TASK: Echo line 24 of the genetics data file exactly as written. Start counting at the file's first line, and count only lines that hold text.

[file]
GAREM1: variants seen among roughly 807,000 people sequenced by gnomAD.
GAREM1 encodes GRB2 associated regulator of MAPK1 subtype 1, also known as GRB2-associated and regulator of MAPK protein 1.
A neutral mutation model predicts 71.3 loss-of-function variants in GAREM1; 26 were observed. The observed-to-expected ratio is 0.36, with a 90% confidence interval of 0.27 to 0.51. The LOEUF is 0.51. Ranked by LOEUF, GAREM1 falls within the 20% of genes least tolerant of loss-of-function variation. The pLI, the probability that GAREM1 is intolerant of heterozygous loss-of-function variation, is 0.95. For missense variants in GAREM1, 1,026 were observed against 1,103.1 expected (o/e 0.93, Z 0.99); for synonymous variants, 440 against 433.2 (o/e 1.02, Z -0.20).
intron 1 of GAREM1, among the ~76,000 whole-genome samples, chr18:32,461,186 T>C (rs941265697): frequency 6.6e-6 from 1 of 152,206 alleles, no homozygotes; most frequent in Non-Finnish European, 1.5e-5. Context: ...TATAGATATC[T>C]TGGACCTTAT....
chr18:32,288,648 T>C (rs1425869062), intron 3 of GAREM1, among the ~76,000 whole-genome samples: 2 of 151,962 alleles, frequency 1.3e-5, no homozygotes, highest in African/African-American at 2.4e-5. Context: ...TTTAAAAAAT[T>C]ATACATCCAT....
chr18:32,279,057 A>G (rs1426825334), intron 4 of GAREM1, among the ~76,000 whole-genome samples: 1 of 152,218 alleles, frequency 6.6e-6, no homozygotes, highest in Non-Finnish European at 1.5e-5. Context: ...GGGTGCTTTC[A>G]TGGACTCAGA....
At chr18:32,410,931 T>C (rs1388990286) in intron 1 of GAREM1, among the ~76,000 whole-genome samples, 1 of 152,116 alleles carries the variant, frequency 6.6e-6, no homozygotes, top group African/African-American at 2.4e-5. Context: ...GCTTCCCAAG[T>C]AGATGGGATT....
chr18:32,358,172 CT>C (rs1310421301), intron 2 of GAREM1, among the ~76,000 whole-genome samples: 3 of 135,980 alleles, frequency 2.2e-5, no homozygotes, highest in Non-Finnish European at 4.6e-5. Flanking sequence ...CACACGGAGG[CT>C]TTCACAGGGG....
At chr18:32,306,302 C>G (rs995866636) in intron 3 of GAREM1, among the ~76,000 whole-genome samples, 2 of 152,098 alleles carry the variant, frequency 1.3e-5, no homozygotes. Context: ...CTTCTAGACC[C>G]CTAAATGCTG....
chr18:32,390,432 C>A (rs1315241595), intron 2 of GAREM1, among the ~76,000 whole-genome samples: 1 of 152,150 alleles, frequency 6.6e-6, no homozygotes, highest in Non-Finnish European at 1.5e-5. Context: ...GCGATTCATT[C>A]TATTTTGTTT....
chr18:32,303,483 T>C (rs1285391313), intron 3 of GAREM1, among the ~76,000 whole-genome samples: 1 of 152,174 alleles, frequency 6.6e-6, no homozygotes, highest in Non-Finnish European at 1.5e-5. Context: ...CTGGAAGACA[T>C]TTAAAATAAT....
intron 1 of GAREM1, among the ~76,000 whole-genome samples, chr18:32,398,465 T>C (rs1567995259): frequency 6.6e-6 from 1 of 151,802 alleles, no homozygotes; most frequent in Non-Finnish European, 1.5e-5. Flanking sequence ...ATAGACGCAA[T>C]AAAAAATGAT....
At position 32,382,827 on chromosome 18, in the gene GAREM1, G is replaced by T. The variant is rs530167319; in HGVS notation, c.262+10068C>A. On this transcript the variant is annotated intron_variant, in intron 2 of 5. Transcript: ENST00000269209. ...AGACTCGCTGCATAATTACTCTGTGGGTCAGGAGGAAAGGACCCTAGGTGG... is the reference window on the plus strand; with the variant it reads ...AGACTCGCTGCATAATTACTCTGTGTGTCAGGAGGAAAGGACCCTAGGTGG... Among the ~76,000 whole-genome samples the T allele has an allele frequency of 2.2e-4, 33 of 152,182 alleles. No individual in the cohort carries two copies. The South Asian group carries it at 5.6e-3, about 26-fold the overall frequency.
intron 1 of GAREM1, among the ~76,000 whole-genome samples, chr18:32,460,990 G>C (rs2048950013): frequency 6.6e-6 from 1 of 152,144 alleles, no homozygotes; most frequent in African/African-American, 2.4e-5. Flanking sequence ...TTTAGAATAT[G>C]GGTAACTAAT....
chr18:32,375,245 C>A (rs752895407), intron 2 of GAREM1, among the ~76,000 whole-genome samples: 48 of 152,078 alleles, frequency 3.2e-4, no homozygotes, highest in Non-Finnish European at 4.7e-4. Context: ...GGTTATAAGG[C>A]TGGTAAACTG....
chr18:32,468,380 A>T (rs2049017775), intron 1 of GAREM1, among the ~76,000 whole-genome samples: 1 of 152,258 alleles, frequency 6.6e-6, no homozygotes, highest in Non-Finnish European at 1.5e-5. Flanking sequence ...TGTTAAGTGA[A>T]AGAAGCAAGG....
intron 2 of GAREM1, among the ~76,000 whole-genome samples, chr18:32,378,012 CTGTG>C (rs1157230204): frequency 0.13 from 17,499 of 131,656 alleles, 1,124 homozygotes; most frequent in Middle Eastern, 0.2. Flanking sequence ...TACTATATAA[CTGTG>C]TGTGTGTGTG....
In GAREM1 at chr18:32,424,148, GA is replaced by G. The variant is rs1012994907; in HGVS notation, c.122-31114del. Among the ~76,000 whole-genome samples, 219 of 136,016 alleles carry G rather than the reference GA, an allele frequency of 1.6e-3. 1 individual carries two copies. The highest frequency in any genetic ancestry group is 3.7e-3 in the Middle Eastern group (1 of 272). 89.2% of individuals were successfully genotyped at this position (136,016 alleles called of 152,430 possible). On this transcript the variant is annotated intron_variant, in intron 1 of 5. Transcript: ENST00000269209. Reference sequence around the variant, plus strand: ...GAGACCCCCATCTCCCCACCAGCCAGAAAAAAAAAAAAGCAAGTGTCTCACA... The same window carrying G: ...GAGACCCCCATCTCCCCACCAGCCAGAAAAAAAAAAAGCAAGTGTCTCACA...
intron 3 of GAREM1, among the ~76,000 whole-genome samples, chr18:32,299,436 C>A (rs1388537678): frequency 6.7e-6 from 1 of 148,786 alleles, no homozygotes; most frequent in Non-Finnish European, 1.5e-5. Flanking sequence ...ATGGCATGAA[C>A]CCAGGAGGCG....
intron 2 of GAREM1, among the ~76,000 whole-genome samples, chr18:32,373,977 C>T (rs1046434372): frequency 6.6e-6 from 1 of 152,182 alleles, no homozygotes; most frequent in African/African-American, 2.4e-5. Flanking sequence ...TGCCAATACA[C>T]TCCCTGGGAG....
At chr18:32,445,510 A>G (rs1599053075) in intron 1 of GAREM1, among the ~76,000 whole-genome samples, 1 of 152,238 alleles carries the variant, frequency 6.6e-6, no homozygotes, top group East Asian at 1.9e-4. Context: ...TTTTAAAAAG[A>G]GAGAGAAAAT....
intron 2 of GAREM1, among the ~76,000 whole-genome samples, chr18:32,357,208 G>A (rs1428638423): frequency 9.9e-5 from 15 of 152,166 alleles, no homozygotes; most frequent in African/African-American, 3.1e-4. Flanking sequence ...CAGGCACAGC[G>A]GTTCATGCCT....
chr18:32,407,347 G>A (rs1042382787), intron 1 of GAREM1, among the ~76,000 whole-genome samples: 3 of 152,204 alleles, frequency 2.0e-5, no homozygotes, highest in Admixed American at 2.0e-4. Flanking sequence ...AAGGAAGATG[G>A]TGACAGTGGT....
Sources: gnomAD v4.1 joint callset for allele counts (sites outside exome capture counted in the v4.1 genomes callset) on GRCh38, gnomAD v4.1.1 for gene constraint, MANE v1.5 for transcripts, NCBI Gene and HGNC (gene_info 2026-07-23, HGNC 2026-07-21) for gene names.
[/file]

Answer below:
Sources: gnomAD v4.1 joint callset for allele counts (sites outside exome capture counted in the v4.1 genomes callset) on GRCh38, gnomAD v4.1.1 for gene constraint, MANE v1.5 for transcripts, NCBI Gene and HGNC (gene_info 2026-07-23, HGNC 2026-07-21) for gene names.